[Edit: typo]

Edited by ChairmanOfTheBored

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And as the answer is that the banks have the power, when and how are we going to do something about it?

I think that the thing is self limiting in the sense that the more the 1% succeed in looting the rest of us the more instability they introduce into the system- and I see no real evidence that they have the capability to control themselves.

One of the downsides of managing to subvert the system for short term greed is that you have eliminated the moderating influence that might have stepped in to prevent you from self immolation.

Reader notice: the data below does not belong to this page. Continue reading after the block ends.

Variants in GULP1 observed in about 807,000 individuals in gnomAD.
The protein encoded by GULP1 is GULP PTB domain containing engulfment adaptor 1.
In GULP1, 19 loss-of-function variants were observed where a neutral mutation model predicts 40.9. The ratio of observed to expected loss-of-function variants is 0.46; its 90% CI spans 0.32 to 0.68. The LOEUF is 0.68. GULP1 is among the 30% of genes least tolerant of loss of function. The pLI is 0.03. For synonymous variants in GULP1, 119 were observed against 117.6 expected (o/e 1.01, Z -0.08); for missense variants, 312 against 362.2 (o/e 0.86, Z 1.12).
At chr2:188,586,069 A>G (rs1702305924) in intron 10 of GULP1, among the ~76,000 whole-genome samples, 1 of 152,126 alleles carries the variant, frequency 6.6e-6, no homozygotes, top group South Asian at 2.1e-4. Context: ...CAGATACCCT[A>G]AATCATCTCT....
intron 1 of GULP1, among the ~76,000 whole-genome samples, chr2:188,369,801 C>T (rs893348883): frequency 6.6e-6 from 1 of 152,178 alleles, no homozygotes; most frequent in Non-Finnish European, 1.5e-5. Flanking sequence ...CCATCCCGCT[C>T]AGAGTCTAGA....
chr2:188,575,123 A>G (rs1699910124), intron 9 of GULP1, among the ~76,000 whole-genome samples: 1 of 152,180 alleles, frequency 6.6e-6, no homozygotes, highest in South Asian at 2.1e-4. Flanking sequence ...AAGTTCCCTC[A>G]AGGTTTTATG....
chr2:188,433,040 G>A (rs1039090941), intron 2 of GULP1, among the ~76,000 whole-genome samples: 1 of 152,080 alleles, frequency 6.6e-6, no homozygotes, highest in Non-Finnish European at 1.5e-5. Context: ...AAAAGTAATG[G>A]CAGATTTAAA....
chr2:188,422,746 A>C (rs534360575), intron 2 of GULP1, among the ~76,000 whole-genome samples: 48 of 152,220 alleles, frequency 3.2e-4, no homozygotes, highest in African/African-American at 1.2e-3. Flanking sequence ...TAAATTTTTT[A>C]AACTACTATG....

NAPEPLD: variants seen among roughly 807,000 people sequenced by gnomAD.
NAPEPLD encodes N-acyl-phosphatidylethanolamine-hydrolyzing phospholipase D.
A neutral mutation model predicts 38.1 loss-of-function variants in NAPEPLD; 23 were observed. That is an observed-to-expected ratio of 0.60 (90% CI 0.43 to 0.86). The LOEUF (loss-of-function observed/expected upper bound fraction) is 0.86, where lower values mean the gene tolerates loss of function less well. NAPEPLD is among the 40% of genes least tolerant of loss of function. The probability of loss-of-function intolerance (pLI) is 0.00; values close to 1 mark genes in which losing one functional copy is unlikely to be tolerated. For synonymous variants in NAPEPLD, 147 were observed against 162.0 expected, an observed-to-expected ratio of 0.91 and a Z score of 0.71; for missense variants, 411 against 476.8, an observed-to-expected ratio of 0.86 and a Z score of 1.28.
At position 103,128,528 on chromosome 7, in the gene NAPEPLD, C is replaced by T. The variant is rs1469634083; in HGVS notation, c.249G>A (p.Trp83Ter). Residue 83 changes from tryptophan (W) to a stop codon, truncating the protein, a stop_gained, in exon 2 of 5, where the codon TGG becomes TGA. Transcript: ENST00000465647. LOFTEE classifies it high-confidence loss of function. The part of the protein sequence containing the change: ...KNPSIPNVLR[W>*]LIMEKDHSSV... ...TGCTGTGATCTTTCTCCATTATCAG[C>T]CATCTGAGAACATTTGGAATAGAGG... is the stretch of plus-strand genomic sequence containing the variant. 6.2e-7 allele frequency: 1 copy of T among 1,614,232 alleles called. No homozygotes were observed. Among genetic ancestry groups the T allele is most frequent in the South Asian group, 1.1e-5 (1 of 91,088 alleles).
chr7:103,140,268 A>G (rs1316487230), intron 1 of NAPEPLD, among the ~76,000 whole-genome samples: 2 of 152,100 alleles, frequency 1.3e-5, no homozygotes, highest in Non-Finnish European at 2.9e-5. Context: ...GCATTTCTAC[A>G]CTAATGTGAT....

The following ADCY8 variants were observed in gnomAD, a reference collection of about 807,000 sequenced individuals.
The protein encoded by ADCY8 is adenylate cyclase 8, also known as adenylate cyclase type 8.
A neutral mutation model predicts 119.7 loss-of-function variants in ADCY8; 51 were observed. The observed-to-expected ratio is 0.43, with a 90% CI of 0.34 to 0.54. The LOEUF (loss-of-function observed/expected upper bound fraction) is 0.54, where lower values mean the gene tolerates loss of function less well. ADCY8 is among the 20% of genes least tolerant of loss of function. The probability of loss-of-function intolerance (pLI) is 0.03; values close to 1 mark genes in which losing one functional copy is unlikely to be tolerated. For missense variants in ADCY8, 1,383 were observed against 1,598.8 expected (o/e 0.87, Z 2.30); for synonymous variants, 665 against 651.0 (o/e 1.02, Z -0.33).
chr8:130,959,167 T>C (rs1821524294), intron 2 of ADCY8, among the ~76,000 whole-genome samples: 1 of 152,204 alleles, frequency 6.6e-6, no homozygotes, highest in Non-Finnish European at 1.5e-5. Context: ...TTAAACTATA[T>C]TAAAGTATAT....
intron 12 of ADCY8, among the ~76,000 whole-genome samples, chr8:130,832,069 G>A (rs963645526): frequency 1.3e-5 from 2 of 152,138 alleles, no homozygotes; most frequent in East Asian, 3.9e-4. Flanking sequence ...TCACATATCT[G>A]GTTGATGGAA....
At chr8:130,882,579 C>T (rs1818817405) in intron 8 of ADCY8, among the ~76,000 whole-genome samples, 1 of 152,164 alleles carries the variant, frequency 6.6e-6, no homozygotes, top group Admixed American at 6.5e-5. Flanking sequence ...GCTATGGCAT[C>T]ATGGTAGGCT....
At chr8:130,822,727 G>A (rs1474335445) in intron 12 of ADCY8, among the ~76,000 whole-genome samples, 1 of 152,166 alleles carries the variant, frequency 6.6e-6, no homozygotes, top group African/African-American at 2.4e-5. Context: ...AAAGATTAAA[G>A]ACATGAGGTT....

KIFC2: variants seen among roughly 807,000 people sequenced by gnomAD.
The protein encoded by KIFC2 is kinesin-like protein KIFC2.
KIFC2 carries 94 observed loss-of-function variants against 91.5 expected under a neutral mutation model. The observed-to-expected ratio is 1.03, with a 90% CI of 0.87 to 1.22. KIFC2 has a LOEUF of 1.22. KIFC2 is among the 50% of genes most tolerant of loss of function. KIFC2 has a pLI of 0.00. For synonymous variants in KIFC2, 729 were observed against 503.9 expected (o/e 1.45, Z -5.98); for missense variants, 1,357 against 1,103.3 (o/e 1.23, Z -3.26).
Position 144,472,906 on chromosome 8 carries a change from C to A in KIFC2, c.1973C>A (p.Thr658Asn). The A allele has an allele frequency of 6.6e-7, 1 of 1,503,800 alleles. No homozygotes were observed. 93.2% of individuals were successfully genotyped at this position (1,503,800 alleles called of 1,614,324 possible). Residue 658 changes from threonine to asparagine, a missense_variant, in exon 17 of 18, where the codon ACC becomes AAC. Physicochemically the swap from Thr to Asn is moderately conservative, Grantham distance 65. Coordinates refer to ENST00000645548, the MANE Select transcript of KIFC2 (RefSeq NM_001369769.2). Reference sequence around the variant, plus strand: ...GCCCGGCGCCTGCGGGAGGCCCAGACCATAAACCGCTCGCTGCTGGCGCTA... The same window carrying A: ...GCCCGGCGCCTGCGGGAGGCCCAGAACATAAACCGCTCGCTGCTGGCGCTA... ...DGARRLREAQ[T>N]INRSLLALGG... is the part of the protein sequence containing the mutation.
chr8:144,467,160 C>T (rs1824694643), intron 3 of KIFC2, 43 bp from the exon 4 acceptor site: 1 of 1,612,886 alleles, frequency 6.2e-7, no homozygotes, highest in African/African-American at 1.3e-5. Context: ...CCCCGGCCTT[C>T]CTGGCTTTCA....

I think the question is not 'who will save us from the 1%' it's more 'who will save the 1% from themselves.

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I think that the thing is self limiting in the sense that the more the 1% succeed in looting the rest of us the more instability they introduce into the system- and I see no real evidence that they have the capability to control themselves.

One of the downsides of managing to subvert the system for short term greed is that you have eliminated the moderating influence that might have stepped in to prevent you from self immolation.

I think the question is not 'who will save us from the 1%' it's more 'who will save the 1% from themselves.

Control themselves? When you get that big you can't even see what you're crapping on let alone step around it.

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Sunday Times also seems to think that the falling Euro is a god opportunity to buy a house in Europe.